Licentiate thesis: Secondary doses to healthy tissues from radiotherapy and modern imaging techniques
Wednesday 01 March 2017
to 12:00 at
Karolinska universitetssjukhuset, Byggnaden R8, bottenplan
CCK Lecture Hall
Oscar Ardenfors (Stockholm University, department of Physics)
The use of ionizing radiation for treatment of cancer diseases is continuously increasing giving rise to several new questions and concerns. One of the most important aspects of this is the associated dose imparted to healthy tissues. This unwanted dose contribution is a result of both radiotherapy procedures and diagnostic imaging. The dose deposition in healthy tissues from external radiotherapy mainly originates from the incident primary beam. However, the patient also receives non-negligible organ doses originating from secondary radiation produced in the treatment machine and within the patient. This secondary radiation, especially neutrons, can travel large distances and consequently deposit doses to organs located far from the primary treatment field. The dose contribution to healthy organs from diagnostic procedures is growing due to the increase in repeated imaging performed in conjunction with radiotherapy. Also, patients undergoing both external radiotherapy and radionuclide therapy with radioactive isotopes could receive a high combined dose burden to healthy tissues.
The need to quantify the secondary dose contribution and the associated risk of radiation-induced cancer is a relevant matter as new techniques are continuously emerging both in the field of radiotherapy and imaging. The technical advances in modern treatment techniques such as intensity modulated radiotherapy, rotational therapy and ion therapy have contributed to the overall increase in patient survival. A parallel development in medical imaging has caused an increase in the use of cone-beam computed tomography for repeated image-guidance imaging providing better tumor localization and a reduction in high doses deposited in adjacent healthy tissues.
The most accurate way of estimating the risk of radiation-induced secondary cancers is to conduct comprehensive epidemiological studies on an exposed population stretching over several decades. This has been done in the past using cohorts of survivors of the atomic bombings and other nuclear accidents and medical exposures. However, the implementation of these epidemiological data is complex as the types of exposure differ greatly from modern radiotherapy procedures. Also, the long latency associated with radiation-induced secondary cancers further complicate the use of epidemiological data.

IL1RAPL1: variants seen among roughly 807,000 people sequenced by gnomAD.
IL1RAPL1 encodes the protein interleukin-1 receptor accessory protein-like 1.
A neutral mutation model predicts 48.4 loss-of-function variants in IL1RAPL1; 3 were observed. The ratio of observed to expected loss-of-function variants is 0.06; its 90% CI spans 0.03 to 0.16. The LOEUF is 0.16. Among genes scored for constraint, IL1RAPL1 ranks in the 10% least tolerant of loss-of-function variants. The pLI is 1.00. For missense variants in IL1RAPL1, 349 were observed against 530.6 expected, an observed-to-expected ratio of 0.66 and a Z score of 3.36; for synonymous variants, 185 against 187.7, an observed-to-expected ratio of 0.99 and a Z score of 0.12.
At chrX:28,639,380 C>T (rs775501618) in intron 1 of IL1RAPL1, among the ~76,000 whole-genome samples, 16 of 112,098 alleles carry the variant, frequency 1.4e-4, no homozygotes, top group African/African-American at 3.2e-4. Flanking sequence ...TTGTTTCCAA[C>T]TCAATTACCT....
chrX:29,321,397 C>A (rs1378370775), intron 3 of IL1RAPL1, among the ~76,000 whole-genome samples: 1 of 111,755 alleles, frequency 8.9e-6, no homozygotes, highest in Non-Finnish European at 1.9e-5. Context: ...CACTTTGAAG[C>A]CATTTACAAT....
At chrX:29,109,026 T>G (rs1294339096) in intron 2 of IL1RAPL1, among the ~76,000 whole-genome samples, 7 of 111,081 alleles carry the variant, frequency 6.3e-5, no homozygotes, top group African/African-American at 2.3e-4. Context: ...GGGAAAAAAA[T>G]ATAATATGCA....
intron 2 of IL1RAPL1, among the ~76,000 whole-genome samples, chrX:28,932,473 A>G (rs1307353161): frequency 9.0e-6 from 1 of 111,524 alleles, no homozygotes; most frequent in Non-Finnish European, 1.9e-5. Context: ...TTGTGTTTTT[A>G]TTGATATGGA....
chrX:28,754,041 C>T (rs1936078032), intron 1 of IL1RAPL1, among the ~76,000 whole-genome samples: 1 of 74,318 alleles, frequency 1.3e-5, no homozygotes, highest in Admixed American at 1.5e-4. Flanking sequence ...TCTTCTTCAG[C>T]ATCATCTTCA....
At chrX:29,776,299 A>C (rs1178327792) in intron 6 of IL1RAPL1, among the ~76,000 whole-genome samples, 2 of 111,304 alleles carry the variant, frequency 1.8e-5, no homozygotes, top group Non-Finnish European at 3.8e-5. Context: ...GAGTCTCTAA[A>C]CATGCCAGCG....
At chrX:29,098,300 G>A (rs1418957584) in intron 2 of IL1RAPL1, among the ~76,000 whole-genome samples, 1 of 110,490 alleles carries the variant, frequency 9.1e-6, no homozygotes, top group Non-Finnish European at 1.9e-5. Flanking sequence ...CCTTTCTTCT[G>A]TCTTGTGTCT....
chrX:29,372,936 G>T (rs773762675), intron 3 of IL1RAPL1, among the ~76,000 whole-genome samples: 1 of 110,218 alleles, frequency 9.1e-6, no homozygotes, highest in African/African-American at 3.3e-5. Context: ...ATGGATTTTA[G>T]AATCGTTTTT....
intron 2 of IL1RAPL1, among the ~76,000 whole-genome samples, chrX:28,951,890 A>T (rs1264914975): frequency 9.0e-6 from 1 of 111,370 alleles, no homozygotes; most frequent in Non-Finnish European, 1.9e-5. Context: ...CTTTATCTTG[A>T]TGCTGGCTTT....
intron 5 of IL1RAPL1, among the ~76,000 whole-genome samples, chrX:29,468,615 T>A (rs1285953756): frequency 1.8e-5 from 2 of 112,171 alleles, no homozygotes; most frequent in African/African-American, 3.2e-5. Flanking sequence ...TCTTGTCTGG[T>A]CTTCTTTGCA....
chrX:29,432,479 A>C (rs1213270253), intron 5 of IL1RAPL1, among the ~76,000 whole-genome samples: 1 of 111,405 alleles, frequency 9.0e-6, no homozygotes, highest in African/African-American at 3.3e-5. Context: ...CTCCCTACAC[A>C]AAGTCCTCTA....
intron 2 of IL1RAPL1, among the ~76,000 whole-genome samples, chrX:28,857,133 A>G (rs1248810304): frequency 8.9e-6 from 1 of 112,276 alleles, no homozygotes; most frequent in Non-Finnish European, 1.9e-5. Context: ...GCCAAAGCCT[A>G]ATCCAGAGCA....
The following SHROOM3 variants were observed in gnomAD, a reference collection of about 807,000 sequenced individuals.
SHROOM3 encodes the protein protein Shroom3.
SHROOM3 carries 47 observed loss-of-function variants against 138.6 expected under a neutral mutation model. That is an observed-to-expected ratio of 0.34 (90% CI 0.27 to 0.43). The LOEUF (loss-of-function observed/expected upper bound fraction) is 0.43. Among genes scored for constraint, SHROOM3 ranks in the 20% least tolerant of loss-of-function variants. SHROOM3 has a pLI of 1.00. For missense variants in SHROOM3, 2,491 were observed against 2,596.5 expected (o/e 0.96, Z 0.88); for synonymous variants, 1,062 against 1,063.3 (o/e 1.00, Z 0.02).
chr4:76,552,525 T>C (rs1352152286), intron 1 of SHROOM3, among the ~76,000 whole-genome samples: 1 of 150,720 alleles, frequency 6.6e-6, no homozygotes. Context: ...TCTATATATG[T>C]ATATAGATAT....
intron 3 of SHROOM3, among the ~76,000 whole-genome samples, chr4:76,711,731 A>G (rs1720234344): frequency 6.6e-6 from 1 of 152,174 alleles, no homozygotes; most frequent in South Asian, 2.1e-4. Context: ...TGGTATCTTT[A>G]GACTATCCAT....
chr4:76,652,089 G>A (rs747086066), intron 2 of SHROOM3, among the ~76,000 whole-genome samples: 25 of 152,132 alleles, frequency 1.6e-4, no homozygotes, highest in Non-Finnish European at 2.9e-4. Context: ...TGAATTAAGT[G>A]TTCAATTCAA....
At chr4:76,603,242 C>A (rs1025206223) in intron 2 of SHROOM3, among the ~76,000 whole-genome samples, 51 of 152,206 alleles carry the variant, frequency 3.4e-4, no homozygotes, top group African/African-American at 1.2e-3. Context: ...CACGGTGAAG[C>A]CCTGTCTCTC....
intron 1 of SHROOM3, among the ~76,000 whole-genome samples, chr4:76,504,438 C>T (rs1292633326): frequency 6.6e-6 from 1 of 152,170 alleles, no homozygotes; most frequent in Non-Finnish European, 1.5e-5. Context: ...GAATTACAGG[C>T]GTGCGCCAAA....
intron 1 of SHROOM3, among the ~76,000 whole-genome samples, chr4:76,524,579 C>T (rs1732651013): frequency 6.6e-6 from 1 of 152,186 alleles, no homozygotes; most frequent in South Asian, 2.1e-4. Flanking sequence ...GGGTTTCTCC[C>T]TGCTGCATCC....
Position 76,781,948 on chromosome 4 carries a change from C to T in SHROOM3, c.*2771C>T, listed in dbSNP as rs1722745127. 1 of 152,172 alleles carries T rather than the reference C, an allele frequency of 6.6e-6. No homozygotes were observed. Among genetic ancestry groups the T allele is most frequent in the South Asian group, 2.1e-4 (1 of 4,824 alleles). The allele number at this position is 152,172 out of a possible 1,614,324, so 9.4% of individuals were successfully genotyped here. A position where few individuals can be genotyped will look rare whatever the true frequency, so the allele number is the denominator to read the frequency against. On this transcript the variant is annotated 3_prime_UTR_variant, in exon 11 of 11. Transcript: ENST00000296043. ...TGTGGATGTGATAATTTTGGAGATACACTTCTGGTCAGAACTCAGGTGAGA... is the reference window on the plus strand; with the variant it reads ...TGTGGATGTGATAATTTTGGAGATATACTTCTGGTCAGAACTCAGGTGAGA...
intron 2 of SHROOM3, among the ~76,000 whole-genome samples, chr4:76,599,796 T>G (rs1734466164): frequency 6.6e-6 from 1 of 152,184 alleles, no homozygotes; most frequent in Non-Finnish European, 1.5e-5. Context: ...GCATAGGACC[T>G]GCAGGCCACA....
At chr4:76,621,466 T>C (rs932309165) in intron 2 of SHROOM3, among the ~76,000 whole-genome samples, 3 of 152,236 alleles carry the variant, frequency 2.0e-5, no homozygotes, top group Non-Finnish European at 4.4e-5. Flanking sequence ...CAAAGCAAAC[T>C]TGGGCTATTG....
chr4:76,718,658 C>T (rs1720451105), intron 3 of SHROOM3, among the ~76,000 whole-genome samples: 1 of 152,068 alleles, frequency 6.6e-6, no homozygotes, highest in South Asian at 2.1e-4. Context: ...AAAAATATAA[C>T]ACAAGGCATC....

Thus, the goal of achieving a dose-response relationship for secondary cancers is not only a matter of assessing the dose to the patient but also on how this data should be analyzed. Today, the most popular way of achieving this is through theoretical risk models using patient-specific parameters including dose distributions and risk coefficients obtained for populations from epidemiological studies.
Due to the difficulties associated with performing measurements of radiation-induced organ doses from treatment and imaging, the dose is often calculated either analytically using an algorithm employed in the clinical treatment planning system or through Monte Carlo simulations that offer the most accurate tool for such calculations. To allow for accurate Monte Carlo simulations of secondary radiation from external radiotherapy the beam model should be validated against measurements with regard to both the primary beam and the out-of-field secondary radiation.
These aspects have been investigated in individual studies that make the object of the articles included in this thesis. Paper I presents a literature review of secondary doses from different treatment and imaging modalities. Paper II shows a comparison between the risks of radiation-induced cancer for patients treated for head and neck cancer using two different treatment techniques. Paper III deals with Monte Carlo simulations of doses to healthy tissues from radionuclide therapy given in conjunction with external radiotherapy. Paper IV presents the validation of a proton spot scanning Monte Carlo model.